receptor site so that glucose can then enter into the cell. Now some people use

the acronyms, or the the visual of a cell phone.

Instead of sulfony they will say cell phone, and that visual helps them think well

cell phones helped me be very productive cell phones also aid in connecting

things so if I think of a cell phone and how it works for me in a daily life, I

might be able to remember that sulfonylureas help connect. So we're

sulfonylurea binds, increases insulin affinity, opens up those channels for

glucose to enter the cell it also is increasing productivity. I couldn't work

without my cell phone and so I mean even this video is being made by my cell

phone, so increasing productivity and the beta cells to produce insulin. Now the

best time idea to take your second generation sulfonylurea, you're on

glyburide - is in the morning because we want to increase insulin production as

glucose is rising in the bloodstream and that rises with food. So one way to help

remember is the I in IDE. It usually takes 30 minutes to 1 hour for this to

start to work. So you want to make sure you're giving this before you eat. Now

let's talk about side effects. When we understand how the drug works then we

can predict more accurately what we should be watching for if we take the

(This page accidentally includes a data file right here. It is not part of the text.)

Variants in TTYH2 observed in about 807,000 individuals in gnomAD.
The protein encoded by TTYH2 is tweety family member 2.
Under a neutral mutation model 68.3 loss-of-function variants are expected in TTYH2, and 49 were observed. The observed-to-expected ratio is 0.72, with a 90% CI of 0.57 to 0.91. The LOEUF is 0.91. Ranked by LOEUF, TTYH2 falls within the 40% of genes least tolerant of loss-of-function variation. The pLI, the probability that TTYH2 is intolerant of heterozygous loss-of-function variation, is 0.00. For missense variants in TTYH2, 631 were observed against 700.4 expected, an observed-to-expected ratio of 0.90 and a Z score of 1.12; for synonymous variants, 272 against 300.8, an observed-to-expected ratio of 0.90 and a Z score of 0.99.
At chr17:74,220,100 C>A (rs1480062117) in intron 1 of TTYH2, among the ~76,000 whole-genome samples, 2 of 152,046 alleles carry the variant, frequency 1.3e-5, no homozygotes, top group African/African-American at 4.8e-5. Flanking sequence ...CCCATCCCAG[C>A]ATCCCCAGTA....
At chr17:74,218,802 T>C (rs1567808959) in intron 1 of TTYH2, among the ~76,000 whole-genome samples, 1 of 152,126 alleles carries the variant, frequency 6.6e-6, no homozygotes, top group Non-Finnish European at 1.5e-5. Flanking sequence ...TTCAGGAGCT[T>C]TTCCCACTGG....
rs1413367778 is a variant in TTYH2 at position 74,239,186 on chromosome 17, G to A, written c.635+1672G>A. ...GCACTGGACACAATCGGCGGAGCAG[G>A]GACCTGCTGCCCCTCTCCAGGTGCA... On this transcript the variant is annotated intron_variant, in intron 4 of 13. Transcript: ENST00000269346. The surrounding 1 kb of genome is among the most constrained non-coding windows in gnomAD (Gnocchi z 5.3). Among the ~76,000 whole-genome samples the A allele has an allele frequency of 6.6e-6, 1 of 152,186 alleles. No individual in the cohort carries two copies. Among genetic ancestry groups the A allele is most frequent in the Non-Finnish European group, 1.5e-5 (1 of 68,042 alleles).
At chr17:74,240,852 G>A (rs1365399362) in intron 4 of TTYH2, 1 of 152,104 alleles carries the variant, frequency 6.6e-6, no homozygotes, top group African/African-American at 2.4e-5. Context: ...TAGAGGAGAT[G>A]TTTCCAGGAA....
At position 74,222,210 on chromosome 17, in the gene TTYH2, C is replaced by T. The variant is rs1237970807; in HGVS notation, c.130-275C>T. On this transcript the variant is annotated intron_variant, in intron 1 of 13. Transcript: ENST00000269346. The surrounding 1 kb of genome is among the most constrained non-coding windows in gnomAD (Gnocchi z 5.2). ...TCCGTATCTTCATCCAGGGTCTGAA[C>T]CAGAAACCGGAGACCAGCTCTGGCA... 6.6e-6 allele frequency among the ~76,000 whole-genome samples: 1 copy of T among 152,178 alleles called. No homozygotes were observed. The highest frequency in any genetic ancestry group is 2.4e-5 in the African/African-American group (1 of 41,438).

drug incorrectly or if we are prescribed too much or maybe we're not eating when we

take this drug. Ok so we know that this is to increase insulin production to help

get that glucose out of the blood into the cells, decreasing how much glucose is

circulation. So if the goal is to decrease glucose our side effects, signs

and symptoms of side effects are going to be related to this, so anything to do

with hypoglycemia. So confusion, maybe we've got some headaches, and blurred

vision, we're not quite feeling ourselves. Hypoglycemia. We may have

anorexia, if we are taking our medications and then not eating we may

notice that there's some weight loss, and of course anything you put into our

stomach and always cause us to feel nauseous, upset, diarrhea, vomiting,

constipation - any of those who could be involved. In addition it may cause us to

have a little bit of gas and some discomfort. Now with all the medications

you always have to consider what other medications your patient is on so this

is often used in combination with insulin or with other oral hypoglycemics

and so we'll be wanting to monitor that sugar to make sure we're getting

therapeutic ranges for our patient. With sugar levels in the bloodstream some of

the things that can increase that would be stress, illness, injury, and so as a

result if we're underneath a stressful situation like maybe an exam at school

or a big life change our sugar levels are going to rise and so the may need to

adjust our dose of medication but do that with the help of your healthcare

provider. So as a quick summary sulfonylureas are a second-generation

anti-diabetic oral medication to help manage your glucose levels. If you use

the thought of a cell phone, cell-phone-ylurea; cell phones increased productivity - so

production of our beta cells for insulin, cell phones also help improve binding

and connections, so that's at that cell where it's bringing all that different

insulin to help get glucose into the cell. Until next time make it a great day

and don't forget to subscribe and put a comment below let me know if this has

been helpful :)